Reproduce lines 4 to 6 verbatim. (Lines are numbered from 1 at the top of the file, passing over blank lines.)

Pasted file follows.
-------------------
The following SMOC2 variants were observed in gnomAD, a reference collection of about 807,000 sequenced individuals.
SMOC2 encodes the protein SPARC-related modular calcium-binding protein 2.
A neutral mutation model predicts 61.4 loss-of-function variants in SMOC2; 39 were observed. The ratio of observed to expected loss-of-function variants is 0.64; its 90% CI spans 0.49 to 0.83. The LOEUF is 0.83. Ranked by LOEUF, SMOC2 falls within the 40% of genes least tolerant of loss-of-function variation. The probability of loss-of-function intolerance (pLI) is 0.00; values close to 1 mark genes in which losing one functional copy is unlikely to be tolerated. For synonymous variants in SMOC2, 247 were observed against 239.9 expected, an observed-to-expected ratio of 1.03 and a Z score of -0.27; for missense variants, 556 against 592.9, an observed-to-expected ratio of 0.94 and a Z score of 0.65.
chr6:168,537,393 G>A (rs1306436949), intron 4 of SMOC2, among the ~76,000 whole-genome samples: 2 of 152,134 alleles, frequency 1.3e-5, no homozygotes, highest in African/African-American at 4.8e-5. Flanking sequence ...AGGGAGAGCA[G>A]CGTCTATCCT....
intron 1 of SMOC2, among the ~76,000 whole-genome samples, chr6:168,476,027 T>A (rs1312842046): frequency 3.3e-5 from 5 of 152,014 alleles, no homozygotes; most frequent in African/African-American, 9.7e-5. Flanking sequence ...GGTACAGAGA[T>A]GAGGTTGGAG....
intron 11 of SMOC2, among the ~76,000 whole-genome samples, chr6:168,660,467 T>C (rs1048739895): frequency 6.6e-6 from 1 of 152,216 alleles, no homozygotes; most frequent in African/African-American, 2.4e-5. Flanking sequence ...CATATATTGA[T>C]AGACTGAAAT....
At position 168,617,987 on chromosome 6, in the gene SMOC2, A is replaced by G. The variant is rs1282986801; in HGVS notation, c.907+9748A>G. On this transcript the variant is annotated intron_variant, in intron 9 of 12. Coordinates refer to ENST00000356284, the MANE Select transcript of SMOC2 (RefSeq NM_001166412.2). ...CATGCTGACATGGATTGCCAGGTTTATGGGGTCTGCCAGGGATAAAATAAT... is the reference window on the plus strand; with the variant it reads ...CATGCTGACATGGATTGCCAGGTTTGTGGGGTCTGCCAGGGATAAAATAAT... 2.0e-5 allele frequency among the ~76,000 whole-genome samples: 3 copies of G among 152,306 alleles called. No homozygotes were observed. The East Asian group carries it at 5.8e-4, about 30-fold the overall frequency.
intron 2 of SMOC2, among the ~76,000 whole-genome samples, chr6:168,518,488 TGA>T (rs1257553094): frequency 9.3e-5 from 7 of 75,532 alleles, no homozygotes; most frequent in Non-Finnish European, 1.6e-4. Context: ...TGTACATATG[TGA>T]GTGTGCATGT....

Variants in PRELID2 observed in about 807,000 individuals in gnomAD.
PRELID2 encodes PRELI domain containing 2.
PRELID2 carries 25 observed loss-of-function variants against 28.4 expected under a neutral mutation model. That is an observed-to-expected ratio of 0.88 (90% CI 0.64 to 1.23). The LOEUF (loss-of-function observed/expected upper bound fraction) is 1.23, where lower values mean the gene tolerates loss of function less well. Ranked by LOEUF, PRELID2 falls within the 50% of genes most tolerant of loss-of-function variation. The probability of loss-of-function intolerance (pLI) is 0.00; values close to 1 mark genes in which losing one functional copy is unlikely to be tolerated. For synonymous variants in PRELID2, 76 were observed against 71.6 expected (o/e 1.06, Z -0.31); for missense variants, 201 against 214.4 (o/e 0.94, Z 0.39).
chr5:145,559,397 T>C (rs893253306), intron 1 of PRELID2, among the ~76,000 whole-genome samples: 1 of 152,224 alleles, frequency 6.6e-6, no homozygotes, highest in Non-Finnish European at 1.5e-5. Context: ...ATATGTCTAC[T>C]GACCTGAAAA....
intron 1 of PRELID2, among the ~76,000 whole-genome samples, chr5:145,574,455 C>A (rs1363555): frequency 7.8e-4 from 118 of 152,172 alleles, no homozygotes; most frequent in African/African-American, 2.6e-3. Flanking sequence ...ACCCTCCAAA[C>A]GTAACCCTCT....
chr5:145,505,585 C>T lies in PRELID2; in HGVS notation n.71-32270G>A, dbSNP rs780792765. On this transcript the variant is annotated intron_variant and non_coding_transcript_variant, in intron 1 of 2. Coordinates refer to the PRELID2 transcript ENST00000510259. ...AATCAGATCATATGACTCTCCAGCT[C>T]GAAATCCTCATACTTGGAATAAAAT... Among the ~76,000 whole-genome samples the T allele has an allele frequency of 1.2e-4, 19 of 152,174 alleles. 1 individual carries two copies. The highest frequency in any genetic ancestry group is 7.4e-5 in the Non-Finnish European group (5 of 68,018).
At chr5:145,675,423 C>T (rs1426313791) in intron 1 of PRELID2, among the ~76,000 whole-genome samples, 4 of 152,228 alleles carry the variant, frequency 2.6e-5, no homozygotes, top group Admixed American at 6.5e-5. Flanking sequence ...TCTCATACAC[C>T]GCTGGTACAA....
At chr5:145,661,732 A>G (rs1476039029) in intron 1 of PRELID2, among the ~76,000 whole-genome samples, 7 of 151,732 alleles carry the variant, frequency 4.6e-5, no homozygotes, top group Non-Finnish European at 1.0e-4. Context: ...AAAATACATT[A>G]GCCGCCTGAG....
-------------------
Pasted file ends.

chr6:168,537,393 G>A (rs1306436949), intron 4 of SMOC2, among the ~76,000 whole-genome samples: 2 of 152,134 alleles, frequency 1.3e-5, no homozygotes, highest in African/African-American at 4.8e-5. Flanking sequence ...AGGGAGAGCA[G>A]CGTCTATCCT....
intron 1 of SMOC2, among the ~76,000 whole-genome samples, chr6:168,476,027 T>A (rs1312842046): frequency 3.3e-5 from 5 of 152,014 alleles, no homozygotes; most frequent in African/African-American, 9.7e-5. Flanking sequence ...GGTACAGAGA[T>A]GAGGTTGGAG....
intron 11 of SMOC2, among the ~76,000 whole-genome samples, chr6:168,660,467 T>C (rs1048739895): frequency 6.6e-6 from 1 of 152,216 alleles, no homozygotes; most frequent in African/African-American, 2.4e-5. Flanking sequence ...CATATATTGA[T>C]AGACTGAAAT....